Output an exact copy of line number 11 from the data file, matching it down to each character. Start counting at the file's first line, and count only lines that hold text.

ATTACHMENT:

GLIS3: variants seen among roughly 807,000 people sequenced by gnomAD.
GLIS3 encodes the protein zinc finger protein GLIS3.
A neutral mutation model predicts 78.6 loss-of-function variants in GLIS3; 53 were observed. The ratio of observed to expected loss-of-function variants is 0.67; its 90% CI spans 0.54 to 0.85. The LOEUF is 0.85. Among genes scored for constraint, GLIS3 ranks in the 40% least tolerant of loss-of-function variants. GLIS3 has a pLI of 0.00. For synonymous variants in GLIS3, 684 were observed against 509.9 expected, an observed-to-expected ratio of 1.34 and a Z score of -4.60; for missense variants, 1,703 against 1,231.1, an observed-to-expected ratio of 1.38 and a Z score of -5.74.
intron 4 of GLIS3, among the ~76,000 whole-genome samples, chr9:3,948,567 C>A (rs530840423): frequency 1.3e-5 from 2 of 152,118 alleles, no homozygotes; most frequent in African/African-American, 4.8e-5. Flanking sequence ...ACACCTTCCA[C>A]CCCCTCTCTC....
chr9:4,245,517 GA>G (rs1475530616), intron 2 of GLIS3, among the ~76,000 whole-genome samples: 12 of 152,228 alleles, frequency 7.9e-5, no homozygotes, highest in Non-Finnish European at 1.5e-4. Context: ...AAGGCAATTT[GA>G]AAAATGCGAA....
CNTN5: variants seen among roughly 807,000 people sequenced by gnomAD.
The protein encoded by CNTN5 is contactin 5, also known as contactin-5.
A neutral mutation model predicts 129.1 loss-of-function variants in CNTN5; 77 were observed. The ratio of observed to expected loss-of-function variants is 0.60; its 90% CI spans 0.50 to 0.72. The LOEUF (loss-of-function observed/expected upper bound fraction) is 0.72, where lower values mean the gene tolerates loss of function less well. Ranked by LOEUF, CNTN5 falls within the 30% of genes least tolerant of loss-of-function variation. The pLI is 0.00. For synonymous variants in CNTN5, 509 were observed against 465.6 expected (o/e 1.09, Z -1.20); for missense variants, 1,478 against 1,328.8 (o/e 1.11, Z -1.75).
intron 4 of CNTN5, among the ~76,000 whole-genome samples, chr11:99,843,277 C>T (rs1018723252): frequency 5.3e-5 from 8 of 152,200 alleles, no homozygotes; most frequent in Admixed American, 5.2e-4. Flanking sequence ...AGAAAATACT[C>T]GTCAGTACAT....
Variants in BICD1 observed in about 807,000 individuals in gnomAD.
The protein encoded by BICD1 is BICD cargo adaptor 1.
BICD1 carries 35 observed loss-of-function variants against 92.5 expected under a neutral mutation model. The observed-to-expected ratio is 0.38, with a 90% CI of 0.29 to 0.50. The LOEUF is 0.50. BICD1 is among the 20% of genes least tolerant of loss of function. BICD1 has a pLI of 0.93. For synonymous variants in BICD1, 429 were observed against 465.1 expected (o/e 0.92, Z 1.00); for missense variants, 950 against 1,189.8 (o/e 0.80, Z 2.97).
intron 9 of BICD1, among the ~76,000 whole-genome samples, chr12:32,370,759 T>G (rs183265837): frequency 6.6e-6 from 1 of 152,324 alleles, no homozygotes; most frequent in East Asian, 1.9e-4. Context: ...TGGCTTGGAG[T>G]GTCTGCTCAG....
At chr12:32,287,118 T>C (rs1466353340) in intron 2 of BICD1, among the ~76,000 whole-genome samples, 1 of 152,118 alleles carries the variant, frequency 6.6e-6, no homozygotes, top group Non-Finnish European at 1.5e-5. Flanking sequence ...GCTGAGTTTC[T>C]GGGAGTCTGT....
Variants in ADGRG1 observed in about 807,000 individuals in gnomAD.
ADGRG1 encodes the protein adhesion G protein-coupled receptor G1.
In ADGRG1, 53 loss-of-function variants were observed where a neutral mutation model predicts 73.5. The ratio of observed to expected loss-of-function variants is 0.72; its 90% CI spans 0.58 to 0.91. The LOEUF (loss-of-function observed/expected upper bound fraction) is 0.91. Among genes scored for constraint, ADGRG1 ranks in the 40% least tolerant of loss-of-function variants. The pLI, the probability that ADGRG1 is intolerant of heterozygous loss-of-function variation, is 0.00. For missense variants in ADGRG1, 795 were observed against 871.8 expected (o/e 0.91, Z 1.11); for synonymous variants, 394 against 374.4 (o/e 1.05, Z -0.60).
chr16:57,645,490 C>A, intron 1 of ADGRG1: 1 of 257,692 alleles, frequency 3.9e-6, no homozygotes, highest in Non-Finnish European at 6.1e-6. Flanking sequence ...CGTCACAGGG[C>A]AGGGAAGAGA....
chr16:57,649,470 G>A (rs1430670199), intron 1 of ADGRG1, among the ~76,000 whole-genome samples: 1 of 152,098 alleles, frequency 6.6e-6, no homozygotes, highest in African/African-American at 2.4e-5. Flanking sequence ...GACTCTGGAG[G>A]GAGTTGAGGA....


The protein encoded by BICD1 is BICD cargo adaptor 1.